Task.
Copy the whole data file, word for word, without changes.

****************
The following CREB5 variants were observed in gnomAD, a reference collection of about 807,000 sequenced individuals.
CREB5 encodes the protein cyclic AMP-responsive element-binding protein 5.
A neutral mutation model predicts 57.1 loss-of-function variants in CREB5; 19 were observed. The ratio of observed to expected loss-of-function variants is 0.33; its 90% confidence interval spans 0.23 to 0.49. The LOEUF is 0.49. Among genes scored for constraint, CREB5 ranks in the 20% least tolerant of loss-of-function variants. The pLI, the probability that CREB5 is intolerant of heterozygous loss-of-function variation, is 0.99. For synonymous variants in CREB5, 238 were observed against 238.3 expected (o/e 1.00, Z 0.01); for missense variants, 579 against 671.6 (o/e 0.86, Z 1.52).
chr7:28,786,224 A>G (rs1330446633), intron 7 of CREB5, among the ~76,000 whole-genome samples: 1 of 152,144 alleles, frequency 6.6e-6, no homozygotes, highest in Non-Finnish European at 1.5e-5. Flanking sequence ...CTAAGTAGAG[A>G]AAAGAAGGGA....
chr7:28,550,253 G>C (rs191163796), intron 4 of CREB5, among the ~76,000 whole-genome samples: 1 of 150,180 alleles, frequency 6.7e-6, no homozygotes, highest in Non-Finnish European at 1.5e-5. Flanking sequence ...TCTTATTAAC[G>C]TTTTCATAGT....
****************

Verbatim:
The following CREB5 variants were observed in gnomAD, a reference collection of about 807,000 sequenced individuals.
CREB5 encodes the protein cyclic AMP-responsive element-binding protein 5.
A neutral mutation model predicts 57.1 loss-of-function variants in CREB5; 19 were observed. The ratio of observed to expected loss-of-function variants is 0.33; its 90% confidence interval spans 0.23 to 0.49. The LOEUF is 0.49. Among genes scored for constraint, CREB5 ranks in the 20% least tolerant of loss-of-function variants. The pLI, the probability that CREB5 is intolerant of heterozygous loss-of-function variation, is 0.99. For synonymous variants in CREB5, 238 were observed against 238.3 expected (o/e 1.00, Z 0.01); for missense variants, 579 against 671.6 (o/e 0.86, Z 1.52).
chr7:28,786,224 A>G (rs1330446633), intron 7 of CREB5, among the ~76,000 whole-genome samples: 1 of 152,144 alleles, frequency 6.6e-6, no homozygotes, highest in Non-Finnish European at 1.5e-5. Flanking sequence ...CTAAGTAGAG[A>G]AAAGAAGGGA....
chr7:28,550,253 G>C (rs191163796), intron 4 of CREB5, among the ~76,000 whole-genome samples: 1 of 150,180 alleles, frequency 6.7e-6, no homozygotes, highest in Non-Finnish European at 1.5e-5. Flanking sequence ...TCTTATTAAC[G>C]TTTTCATAGT....